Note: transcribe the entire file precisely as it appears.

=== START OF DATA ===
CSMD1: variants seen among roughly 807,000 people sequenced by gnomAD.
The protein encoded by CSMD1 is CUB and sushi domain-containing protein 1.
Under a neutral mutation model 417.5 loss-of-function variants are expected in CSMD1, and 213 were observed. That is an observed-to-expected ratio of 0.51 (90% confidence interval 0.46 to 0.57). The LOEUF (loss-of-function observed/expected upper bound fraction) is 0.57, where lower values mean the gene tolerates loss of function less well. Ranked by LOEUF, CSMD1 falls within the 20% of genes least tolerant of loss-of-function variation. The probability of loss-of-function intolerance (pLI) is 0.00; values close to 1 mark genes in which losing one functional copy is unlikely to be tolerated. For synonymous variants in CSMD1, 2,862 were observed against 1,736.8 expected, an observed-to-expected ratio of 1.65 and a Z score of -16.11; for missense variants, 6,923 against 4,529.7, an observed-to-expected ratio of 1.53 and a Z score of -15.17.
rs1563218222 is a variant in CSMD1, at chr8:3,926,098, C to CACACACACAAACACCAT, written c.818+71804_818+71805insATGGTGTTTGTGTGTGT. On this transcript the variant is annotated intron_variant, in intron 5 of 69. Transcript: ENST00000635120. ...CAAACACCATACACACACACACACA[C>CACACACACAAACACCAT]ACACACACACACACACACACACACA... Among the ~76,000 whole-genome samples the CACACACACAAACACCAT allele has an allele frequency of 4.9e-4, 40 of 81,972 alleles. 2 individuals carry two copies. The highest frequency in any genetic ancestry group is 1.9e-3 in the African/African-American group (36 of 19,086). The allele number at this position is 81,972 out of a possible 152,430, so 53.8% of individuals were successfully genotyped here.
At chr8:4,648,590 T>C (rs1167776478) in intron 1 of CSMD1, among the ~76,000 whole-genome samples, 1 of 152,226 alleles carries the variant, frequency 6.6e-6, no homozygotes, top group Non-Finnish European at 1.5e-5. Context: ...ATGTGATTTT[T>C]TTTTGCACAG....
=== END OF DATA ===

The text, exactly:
CSMD1: variants seen among roughly 807,000 people sequenced by gnomAD.
The protein encoded by CSMD1 is CUB and sushi domain-containing protein 1.
Under a neutral mutation model 417.5 loss-of-function variants are expected in CSMD1, and 213 were observed. That is an observed-to-expected ratio of 0.51 (90% confidence interval 0.46 to 0.57). The LOEUF (loss-of-function observed/expected upper bound fraction) is 0.57, where lower values mean the gene tolerates loss of function less well. Ranked by LOEUF, CSMD1 falls within the 20% of genes least tolerant of loss-of-function variation. The probability of loss-of-function intolerance (pLI) is 0.00; values close to 1 mark genes in which losing one functional copy is unlikely to be tolerated. For synonymous variants in CSMD1, 2,862 were observed against 1,736.8 expected, an observed-to-expected ratio of 1.65 and a Z score of -16.11; for missense variants, 6,923 against 4,529.7, an observed-to-expected ratio of 1.53 and a Z score of -15.17.
rs1563218222 is a variant in CSMD1, at chr8:3,926,098, C to CACACACACAAACACCAT, written c.818+71804_818+71805insATGGTGTTTGTGTGTGT. On this transcript the variant is annotated intron_variant, in intron 5 of 69. Transcript: ENST00000635120. ...CAAACACCATACACACACACACACA[C>CACACACACAAACACCAT]ACACACACACACACACACACACACA... Among the ~76,000 whole-genome samples the CACACACACAAACACCAT allele has an allele frequency of 4.9e-4, 40 of 81,972 alleles. 2 individuals carry two copies. The highest frequency in any genetic ancestry group is 1.9e-3 in the African/African-American group (36 of 19,086). The allele number at this position is 81,972 out of a possible 152,430, so 53.8% of individuals were successfully genotyped here.
At chr8:4,648,590 T>C (rs1167776478) in intron 1 of CSMD1, among the ~76,000 whole-genome samples, 1 of 152,226 alleles carries the variant, frequency 6.6e-6, no homozygotes, top group Non-Finnish European at 1.5e-5. Context: ...ATGTGATTTT[T>C]TTTTGCACAG....